Chuck Williams died of natural causes at his home in San Francisco on Saturday. The Williams-Sonoma founder was 100 years old, and in a statement published on Facebook, the company said that “The Williams-Sonoma family has lost a dear friend, an inspiring mentor and our favorite cook. Chuck Williams’ spirit will live on forever in our kitchens – and in our hearts.”
As reported by the Los Angeles Times on December 5, Chuck Williams never married nor had children. The store was his life and “he had no regrets.”
The news that Chuck Williams died is touching the hearts of many who have fond memories of the man who was known for his dedication to his work and his employees – and his love for dogs:
“In memory of our dear friend Chuck Williams, 100-year-old founder of Williams-Sonoma, who just crossed the Rainbow Bridge to meet up with his beloved dog, Bill. … Chuck would bring his Belgian shepherd, Bill, to work with him every day. When customers realized this, instead of leaving their dogs in their cars, they asked Chuck to take care of them—and he did. “
“The thing about this man is that he cared more about his customers and employees than a profit. His business was built on service and love. He also created devoted staff from the bottom to the top. We are always family no matter where you worked or how long Thank you Chuck Williams. You are loved. I never cease to have a thrill when I walk into the doors of what you started.”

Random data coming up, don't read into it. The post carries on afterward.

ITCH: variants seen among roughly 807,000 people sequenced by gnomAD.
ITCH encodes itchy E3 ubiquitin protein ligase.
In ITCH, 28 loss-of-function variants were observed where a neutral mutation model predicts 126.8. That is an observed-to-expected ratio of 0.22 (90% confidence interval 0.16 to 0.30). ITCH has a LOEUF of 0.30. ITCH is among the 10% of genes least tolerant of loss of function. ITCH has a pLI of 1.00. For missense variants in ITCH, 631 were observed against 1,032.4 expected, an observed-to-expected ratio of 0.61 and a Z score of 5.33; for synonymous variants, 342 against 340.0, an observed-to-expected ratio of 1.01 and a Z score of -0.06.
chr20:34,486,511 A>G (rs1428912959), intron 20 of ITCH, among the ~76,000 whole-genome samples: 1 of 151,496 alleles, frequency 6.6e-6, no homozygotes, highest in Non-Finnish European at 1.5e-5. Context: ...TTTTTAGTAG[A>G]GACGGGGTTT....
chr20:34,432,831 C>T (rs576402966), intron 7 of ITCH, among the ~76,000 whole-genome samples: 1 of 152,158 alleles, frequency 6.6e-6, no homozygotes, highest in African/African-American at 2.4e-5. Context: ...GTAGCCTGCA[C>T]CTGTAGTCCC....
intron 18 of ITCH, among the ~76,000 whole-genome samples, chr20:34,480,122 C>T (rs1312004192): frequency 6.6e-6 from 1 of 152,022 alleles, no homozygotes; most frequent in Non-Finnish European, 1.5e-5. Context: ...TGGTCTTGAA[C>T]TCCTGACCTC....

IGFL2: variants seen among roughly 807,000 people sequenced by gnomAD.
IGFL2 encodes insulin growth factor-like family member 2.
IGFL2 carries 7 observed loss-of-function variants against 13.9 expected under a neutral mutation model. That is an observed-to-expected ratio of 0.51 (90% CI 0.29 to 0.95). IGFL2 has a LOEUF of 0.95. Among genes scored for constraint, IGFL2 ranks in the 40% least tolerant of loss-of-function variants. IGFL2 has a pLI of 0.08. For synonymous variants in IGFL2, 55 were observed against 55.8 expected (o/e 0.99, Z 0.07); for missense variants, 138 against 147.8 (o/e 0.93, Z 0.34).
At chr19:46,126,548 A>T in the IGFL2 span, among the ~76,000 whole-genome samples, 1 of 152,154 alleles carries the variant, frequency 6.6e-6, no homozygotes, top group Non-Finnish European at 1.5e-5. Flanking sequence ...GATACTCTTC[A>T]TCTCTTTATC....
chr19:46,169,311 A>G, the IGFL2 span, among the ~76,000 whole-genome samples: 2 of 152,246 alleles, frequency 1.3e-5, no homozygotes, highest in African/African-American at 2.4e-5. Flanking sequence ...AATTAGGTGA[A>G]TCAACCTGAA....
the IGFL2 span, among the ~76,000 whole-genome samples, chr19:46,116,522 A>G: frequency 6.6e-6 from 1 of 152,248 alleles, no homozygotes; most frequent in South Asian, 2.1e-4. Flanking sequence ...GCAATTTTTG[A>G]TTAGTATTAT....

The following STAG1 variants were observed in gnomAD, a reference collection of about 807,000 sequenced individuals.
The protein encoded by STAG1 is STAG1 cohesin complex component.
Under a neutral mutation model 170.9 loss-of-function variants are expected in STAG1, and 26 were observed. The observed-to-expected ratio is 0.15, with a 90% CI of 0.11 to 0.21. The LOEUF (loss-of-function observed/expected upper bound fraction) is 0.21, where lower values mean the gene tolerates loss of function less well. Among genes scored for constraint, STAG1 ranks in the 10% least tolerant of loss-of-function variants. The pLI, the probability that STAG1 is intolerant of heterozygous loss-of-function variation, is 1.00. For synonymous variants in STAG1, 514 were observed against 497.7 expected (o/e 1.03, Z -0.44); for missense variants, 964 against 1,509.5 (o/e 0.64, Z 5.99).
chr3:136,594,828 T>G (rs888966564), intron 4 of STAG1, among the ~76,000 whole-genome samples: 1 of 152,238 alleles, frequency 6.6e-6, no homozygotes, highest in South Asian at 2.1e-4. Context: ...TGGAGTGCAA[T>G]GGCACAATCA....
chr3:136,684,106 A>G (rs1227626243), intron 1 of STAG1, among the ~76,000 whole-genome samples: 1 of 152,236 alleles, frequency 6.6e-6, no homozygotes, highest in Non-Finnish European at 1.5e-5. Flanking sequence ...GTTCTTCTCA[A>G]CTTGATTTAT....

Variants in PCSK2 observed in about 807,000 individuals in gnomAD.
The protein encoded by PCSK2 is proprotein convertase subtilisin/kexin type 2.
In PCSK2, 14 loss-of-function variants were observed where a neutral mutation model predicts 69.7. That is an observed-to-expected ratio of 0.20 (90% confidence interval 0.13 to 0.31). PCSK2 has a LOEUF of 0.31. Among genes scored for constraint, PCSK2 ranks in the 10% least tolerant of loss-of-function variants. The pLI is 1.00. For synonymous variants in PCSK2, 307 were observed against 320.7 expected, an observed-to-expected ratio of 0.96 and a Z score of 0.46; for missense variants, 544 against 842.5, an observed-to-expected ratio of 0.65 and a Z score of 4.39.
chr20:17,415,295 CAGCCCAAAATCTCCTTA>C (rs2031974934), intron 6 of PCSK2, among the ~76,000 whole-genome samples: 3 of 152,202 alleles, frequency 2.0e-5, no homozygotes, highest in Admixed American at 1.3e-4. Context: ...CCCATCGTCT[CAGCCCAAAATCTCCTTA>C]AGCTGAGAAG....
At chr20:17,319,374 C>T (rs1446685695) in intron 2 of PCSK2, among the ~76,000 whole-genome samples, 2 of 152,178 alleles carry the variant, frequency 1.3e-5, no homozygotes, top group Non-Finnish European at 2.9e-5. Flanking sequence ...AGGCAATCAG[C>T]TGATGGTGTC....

Chuck Williams, who was born on October 2, 1915, in Florida, learned to cook from his grandmother who had owned a restaurant in Lima, Ohio. Williams’ father lost his auto repair business during the Great Depression, and when a move to southern California did not improve the family’s financial situation, his father abandoned his wife, daughter, and son. Williams’ sister died in 1933 and his mother returned to Florida – leaving Williams alone in California.
In 1947, Williams fell in love with the town of Sonoma while playing golf there with friends, moved there, and started his business as a building contractor. In 1953, he bought the Ralph Morse Hardware Store in Sonoma which he converted from a hardware to a French cookware store, and in 1956, founded the Williams-Sonoma company. By 1958, Williams moved his successful business to San Francisco, introduced the company’s first cookware catalog, and today there are more than 200 Williams-Sonoma stores in the United States.
In 1953, “Chuck takes a 3-month-long journey to Europe with friends. While there, he sees what French, German and Swedish cooks are using in their kitchens and is inspired to bring the same high-quality cookware to Americans,” writes the Williams-Sonoma website. The news that Chuck Williams died has prompted the Williams-Sonoma company to publish a wonderful video about the company’s inspirational and passionate founder.